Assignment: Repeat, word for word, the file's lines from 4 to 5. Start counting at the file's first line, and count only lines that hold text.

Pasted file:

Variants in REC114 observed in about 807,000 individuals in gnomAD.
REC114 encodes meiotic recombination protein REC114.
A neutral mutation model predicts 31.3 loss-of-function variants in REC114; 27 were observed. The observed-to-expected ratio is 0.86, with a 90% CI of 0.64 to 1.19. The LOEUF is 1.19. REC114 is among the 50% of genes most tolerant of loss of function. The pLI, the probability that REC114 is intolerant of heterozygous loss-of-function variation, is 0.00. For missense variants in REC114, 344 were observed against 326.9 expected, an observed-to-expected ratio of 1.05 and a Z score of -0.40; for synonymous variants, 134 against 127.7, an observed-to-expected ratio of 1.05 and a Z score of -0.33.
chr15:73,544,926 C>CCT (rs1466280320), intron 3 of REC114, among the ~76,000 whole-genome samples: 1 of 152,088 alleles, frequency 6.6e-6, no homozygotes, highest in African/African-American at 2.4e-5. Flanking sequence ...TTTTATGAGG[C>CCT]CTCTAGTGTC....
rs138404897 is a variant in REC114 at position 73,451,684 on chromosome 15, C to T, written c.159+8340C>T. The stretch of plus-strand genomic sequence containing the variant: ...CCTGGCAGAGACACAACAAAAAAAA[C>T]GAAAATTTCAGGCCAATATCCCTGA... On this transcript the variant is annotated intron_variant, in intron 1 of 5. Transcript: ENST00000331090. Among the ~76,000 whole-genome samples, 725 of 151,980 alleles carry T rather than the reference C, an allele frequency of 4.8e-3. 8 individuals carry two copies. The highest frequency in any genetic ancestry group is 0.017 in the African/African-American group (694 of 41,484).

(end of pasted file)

chr15:73,544,926 C>CCT (rs1466280320), intron 3 of REC114, among the ~76,000 whole-genome samples: 1 of 152,088 alleles, frequency 6.6e-6, no homozygotes, highest in African/African-American at 2.4e-5. Flanking sequence ...TTTTATGAGG[C>CCT]CTCTAGTGTC....
rs138404897 is a variant in REC114 at position 73,451,684 on chromosome 15, C to T, written c.159+8340C>T. The stretch of plus-strand genomic sequence containing the variant: ...CCTGGCAGAGACACAACAAAAAAAA[C>T]GAAAATTTCAGGCCAATATCCCTGA... On this transcript the variant is annotated intron_variant, in intron 1 of 5. Transcript: ENST00000331090. Among the ~76,000 whole-genome samples, 725 of 151,980 alleles carry T rather than the reference C, an allele frequency of 4.8e-3. 8 individuals carry two copies. The highest frequency in any genetic ancestry group is 0.017 in the African/African-American group (694 of 41,484).